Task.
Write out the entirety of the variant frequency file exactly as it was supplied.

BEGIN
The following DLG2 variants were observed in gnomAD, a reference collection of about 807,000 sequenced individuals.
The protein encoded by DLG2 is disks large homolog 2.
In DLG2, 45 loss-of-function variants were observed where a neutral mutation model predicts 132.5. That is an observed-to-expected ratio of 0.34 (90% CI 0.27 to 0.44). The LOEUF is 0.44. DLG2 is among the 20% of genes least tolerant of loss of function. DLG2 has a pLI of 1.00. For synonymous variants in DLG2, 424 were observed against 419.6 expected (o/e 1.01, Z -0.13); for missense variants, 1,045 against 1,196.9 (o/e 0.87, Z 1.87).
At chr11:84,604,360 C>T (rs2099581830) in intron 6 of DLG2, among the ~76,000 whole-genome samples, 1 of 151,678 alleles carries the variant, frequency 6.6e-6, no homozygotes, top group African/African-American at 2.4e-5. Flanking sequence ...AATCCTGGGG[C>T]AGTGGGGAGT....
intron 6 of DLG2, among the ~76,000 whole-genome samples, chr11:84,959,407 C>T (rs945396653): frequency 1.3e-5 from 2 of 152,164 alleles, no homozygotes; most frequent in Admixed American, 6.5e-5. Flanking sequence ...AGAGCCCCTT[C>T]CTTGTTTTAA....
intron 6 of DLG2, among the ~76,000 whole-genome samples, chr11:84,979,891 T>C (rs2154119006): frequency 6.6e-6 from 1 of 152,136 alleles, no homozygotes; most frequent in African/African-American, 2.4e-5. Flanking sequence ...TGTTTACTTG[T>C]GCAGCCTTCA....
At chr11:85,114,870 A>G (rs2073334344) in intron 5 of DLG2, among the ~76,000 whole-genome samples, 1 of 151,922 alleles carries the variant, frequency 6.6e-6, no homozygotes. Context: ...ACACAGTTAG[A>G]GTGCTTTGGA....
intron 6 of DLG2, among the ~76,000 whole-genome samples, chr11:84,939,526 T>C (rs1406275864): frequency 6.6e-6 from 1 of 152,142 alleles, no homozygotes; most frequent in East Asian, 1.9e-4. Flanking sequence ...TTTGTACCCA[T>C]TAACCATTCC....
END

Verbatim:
The following DLG2 variants were observed in gnomAD, a reference collection of about 807,000 sequenced individuals.
The protein encoded by DLG2 is disks large homolog 2.
In DLG2, 45 loss-of-function variants were observed where a neutral mutation model predicts 132.5. That is an observed-to-expected ratio of 0.34 (90% CI 0.27 to 0.44). The LOEUF is 0.44. DLG2 is among the 20% of genes least tolerant of loss of function. DLG2 has a pLI of 1.00. For synonymous variants in DLG2, 424 were observed against 419.6 expected (o/e 1.01, Z -0.13); for missense variants, 1,045 against 1,196.9 (o/e 0.87, Z 1.87).
At chr11:84,604,360 C>T (rs2099581830) in intron 6 of DLG2, among the ~76,000 whole-genome samples, 1 of 151,678 alleles carries the variant, frequency 6.6e-6, no homozygotes, top group African/African-American at 2.4e-5. Flanking sequence ...AATCCTGGGG[C>T]AGTGGGGAGT....
intron 6 of DLG2, among the ~76,000 whole-genome samples, chr11:84,959,407 C>T (rs945396653): frequency 1.3e-5 from 2 of 152,164 alleles, no homozygotes; most frequent in Admixed American, 6.5e-5. Flanking sequence ...AGAGCCCCTT[C>T]CTTGTTTTAA....
intron 6 of DLG2, among the ~76,000 whole-genome samples, chr11:84,979,891 T>C (rs2154119006): frequency 6.6e-6 from 1 of 152,136 alleles, no homozygotes; most frequent in African/African-American, 2.4e-5. Flanking sequence ...TGTTTACTTG[T>C]GCAGCCTTCA....
At chr11:85,114,870 A>G (rs2073334344) in intron 5 of DLG2, among the ~76,000 whole-genome samples, 1 of 151,922 alleles carries the variant, frequency 6.6e-6, no homozygotes. Context: ...ACACAGTTAG[A>G]GTGCTTTGGA....
intron 6 of DLG2, among the ~76,000 whole-genome samples, chr11:84,939,526 T>C (rs1406275864): frequency 6.6e-6 from 1 of 152,142 alleles, no homozygotes; most frequent in East Asian, 1.9e-4. Flanking sequence ...TTTGTACCCA[T>C]TAACCATTCC....